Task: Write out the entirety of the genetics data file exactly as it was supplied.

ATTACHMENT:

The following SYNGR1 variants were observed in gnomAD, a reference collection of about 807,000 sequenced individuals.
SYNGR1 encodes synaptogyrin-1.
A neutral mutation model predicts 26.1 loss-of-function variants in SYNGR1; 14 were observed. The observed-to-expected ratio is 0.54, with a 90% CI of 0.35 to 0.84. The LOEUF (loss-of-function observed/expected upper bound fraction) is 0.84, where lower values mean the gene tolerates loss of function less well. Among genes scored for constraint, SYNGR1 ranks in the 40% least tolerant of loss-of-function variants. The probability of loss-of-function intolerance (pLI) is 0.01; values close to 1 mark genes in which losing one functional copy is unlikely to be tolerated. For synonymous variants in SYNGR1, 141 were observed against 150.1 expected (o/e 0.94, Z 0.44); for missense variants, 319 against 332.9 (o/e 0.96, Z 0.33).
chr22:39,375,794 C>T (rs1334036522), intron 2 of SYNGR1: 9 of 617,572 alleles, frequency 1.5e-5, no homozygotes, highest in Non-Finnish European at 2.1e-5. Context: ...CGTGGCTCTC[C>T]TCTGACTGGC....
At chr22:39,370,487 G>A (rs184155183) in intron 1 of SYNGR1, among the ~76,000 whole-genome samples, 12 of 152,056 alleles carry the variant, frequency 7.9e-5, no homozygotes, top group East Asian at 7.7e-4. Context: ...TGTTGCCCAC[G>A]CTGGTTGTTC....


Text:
The following SYNGR1 variants were observed in gnomAD, a reference collection of about 807,000 sequenced individuals.
SYNGR1 encodes synaptogyrin-1.
A neutral mutation model predicts 26.1 loss-of-function variants in SYNGR1; 14 were observed. The observed-to-expected ratio is 0.54, with a 90% CI of 0.35 to 0.84. The LOEUF (loss-of-function observed/expected upper bound fraction) is 0.84, where lower values mean the gene tolerates loss of function less well. Among genes scored for constraint, SYNGR1 ranks in the 40% least tolerant of loss-of-function variants. The probability of loss-of-function intolerance (pLI) is 0.01; values close to 1 mark genes in which losing one functional copy is unlikely to be tolerated. For synonymous variants in SYNGR1, 141 were observed against 150.1 expected (o/e 0.94, Z 0.44); for missense variants, 319 against 332.9 (o/e 0.96, Z 0.33).
chr22:39,375,794 C>T (rs1334036522), intron 2 of SYNGR1: 9 of 617,572 alleles, frequency 1.5e-5, no homozygotes, highest in Non-Finnish European at 2.1e-5. Context: ...CGTGGCTCTC[C>T]TCTGACTGGC....
At chr22:39,370,487 G>A (rs184155183) in intron 1 of SYNGR1, among the ~76,000 whole-genome samples, 12 of 152,056 alleles carry the variant, frequency 7.9e-5, no homozygotes, top group East Asian at 7.7e-4. Context: ...TGTTGCCCAC[G>A]CTGGTTGTTC....